The Daily Pennsylvanian is a student-run nonprofit.

Please support us by disabling your ad blocker on our site.

We all have our to-do lists, and incoming Provost Vincent Price is no different.

As the first interim provost in the University’s history chosen to permanently fill the position, Price already made his mark last Thursday when Penn President Amy Gutmann announced his selection — but he’s not taking any chances on missing a beat.

Gutmann said she anticipates a seamless transition for Price from serving as interim provost to becoming the University’s 29th provost.

Former Provost Ron Daniels, who left Penn this February to serve as president of Johns Hopkins University, expects the same. “If not for the articles in the DP, [the transition] might almost be unnoticeable,” he joked in a previous interview.

But Price has already begun gearing up for the official move on July 1, following ratification of his selection by the University Board of Trustees at their June meeting.

The first item on his to-do list? “Consult broadly.”

Before creating his own agenda, Price said he looks forward to talking with faculty, deans, the graduate and undergraduate student assemblies and the Student Committee on Undergraduate Education — among other organizations — to learn about some of their hopes and expectations for the upcoming academic years.

Price also has certain objectives he wants to pursue as provost, many of which are passed on from Daniels — like increasing Penn’s focus on undergraduate life.

Some of Price’s other goals are long-standing University-wide initiatives — such as advancing the Penn Compact through building interdisciplinary ties, strengthening financial aid and increasing engagement locally as well as internationally with foreign universities.

But Price has some unique plans for accomplishing those aims.

He listed supporting international internships and increasing undergraduate research as some of his highest priorities for the upcoming year.

Price also said he hopes to take advantage of new opportunities to bring arts and culture to campus as a way of connecting Penn to the city and region. He will also seek a replacement to fill his current role as associate provost for faculty affairs.

Price attributed his selection to his deep understanding of and experience at Penn.

The Communication professor came to Penn 11 years ago from the University of Michigan having earned a doctorate and a master’s degree from Stanford University, and a bachelor’s degree in English from Santa Clara University.

“He’s an eminent scholar and seasoned administrator, has done a spectacular job as interim provost, has a great understanding of student and faculty issues alike, has an excellent relationship with faculty and students on campus, truly loves Penn and is very ambitious for Penn,” said Gutmann.

A search committee chaired by Wharton Dean Thomas Robertson led the search process, which took five and a half months compared with the standard six-to-nine month period to appoint a high-level university administrator. Executive search firm Isaacson, Miller also helped conduct the search.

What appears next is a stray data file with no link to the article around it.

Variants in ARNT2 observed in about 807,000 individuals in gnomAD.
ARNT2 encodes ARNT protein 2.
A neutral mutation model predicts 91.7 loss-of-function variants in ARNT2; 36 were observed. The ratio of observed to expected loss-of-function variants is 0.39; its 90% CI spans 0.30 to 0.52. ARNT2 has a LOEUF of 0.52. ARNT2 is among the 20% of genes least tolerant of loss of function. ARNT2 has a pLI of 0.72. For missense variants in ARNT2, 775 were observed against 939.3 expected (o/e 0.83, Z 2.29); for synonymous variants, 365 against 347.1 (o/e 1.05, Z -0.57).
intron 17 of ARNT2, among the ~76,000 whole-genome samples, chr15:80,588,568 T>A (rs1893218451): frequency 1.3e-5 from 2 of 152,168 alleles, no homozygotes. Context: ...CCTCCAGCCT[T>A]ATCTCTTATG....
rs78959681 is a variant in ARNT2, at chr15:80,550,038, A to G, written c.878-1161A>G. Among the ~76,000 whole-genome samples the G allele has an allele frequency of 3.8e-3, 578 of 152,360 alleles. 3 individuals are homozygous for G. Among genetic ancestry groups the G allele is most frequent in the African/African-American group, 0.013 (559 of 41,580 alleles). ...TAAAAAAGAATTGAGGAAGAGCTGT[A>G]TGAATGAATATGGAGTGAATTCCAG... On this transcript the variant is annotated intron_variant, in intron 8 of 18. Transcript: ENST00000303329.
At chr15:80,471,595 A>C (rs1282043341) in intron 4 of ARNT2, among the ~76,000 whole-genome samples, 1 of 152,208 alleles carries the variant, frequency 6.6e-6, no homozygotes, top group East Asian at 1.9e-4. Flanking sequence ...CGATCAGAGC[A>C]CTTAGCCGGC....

According to Gutmann, the committee sought “somebody who has it all” — an eminent scholar, a collaborative leader and a great partner — for the position. In an international search, about 180 candidates were considered and 12 were interviewed before Price was selected.

Daniels said he considered Price’s record as the first interim provost to assume the position “not at all surprising,” citing Price’s highly judicious character and academic standards as well as his energy.

Price will begin the provost position with the added advantage that he will “hit the ground running,” said Gutmann, as he has gained a close understanding of faculty and student issues from his current work.

Gutmann highlighted the University’s response to the recent meningitis and measles outbreaks on campus as an example of Price’s leadership.

She added that being interim provost did not give Price a leg up in the search process, which Gutmann called “truly open” and more extensive than any other search in the past due to the high number of strong candidates.

As chief academic officer, the provost is responsible for coordinating all facets of Penn related to academic programs, research and student life and oversees the University’s 12 schools and deans.

And in response to concerns that Daniels’ perceived strong affinity with the undergraduate body would depart with him, Gutmann said that Price, whose daughter Sarah is a rising sophomore in the College, will work to maintain close relationships with students.

“One of the things I’m looking forward to the most is working with all constituents instead of focusing only on faculty affairs,” said Price.

Comments powered by Disqus

Please note All comments are eligible for publication in The Daily Pennsylvanian.